“Look, these are Christians. They live a different kind of life. They are profoundly present to society, but they are different — they are different in the sense that they have in themselves a kind of new life, which comes from belonging to God.”
Such is the impression that Archbishop Christophe Pierre, newly appointed apostolic nuncio to the United States, wants the Church to make on the world — a Church of missionary disciples that shows, through our witness, our love of Christ.
And it is this outlook that likely will shape how he approaches his work as the top diplomat between this country and the Holy See. Our Sunday Visitor had the honor of speaking with Archbishop Pierre in a recent interview — one that was full of encounter, evangelization and dialogue — phrases that can’t help but call to mind the mission of Pope Francis.
“If we are really the true Church, the true Church is being experienced when we share with each other, when we listen to each other, when we dialogue,” the nuncio told OSV.
But first some context as to what exactly is the primary role of an apostolic nuncio. One major responsibility of a nuncio is to survey the needs of dioceses and recommend candidates to be appointed bishops. In addition, it is customary to see the nuncio, as representative of the pope, at the ordination and/or installation of a new bishop or archbishop, usually reading the decree from the pope appointing the bishop to that diocese. And at the annual fall general assembly of the U.S. Conference of Catholic Bishops, the nuncio traditionally delivers an address to the bishops, usually conveying some key message or themes from the pope.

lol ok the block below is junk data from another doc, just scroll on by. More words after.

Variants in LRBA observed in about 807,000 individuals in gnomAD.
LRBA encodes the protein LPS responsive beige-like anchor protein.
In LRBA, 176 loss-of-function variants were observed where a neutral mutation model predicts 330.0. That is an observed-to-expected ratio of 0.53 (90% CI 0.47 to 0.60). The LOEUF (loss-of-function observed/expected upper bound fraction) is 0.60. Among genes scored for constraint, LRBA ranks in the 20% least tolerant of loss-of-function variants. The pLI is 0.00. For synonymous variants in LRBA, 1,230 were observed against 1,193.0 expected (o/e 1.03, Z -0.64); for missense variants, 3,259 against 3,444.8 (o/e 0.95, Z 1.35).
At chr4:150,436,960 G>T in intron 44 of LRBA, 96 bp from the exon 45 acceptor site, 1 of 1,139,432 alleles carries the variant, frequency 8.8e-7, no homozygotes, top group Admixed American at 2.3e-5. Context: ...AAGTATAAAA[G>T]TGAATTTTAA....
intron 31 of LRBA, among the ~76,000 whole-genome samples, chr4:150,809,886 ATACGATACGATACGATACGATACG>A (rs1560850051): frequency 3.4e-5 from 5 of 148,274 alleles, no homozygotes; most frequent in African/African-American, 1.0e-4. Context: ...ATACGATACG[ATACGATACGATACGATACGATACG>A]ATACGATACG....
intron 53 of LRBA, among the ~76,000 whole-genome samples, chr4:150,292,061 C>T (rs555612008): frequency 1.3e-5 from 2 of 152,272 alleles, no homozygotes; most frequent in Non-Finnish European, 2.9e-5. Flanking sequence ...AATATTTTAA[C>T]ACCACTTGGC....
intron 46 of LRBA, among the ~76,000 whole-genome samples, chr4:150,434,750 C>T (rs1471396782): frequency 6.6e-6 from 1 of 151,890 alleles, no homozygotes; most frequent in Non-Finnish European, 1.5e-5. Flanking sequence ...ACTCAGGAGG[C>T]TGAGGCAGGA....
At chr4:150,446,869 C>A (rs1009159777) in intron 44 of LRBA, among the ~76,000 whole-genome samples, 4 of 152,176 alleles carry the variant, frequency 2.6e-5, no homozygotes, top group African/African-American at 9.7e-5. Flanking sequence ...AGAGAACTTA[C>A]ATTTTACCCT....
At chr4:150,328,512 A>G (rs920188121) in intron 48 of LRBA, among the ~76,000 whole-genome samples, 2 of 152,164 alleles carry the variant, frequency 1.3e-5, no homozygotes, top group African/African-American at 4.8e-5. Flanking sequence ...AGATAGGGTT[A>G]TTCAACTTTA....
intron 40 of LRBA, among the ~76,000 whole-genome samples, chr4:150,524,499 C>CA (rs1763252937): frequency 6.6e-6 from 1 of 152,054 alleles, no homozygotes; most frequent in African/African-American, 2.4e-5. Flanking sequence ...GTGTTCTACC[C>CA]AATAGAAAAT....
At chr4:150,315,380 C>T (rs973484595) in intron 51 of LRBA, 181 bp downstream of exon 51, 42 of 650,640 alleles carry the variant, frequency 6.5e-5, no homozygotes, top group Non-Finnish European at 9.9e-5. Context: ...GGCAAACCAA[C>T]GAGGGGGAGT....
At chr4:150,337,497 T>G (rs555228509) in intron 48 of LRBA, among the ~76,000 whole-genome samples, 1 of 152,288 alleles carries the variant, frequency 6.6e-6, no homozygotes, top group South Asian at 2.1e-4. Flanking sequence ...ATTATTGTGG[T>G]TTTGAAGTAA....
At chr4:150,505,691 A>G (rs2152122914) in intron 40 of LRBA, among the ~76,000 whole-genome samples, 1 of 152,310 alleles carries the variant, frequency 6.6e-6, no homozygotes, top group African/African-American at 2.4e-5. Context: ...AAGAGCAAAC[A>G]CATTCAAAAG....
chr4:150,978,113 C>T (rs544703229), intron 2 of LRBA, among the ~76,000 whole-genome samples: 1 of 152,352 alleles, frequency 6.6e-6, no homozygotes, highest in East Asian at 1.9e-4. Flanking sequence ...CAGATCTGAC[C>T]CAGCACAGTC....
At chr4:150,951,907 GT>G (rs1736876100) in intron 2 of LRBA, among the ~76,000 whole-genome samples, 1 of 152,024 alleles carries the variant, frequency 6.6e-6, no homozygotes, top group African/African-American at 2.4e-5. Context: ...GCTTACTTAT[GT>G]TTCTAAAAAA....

Given that Archbishop Pierre said that it is his mission to promote evangelization and what it means to witness to the Catholic Faith, what message might he bring to the U.S. Church? Perhaps, for our polarized society, one that we need more than ever at this critical juncture in our history.
While Archbishop Pierre did not directly address the culture wars that have, for a generation, helped to define what it means to be Church in this country, the nuncio did link defending values — something he said we “certainly” must do — to witnessing to those values. The latter, he said, leads naturally to the former.
“We are not just defending values, we are disciples,” he said. “We shall defend the values but as a consequence ... of being a Church which is living around the presence of Christ, the Church which is praying, the Church which is missionary ... .” This ordering is an important distinction, the archbishop said, and key to being missionary disciples of Christ.
For U.S. Catholics in parishes and in homes, then, our challenge is to find everyday ways to witness to the truth of the Church and the values therein upheld. From carrying a sign in front of an abortion center, to preparing a meal for a stranger, to speaking kindly to someone who shares a different viewpoint, each of us can live out what it means to be missionary disciples in a way that unites rather than divides and in a way that will lead others to say: “Look, these are Christians. They live a different kind of life.” It is just that easy, and just that hard.
Please join us in praying for Archbishop Pierre as he begins his new role — that we may assist him in creating a missionary Church here at home by witnessing to Christ in small ways every day.
Editorial Board: Scot Landry, chief mission officer; Greg Willits, editorial director; Msgr. Owen F. Campion, associate publisher; Gretchen R. Crowe, editor-in-chief; Don Clemmer, managing editor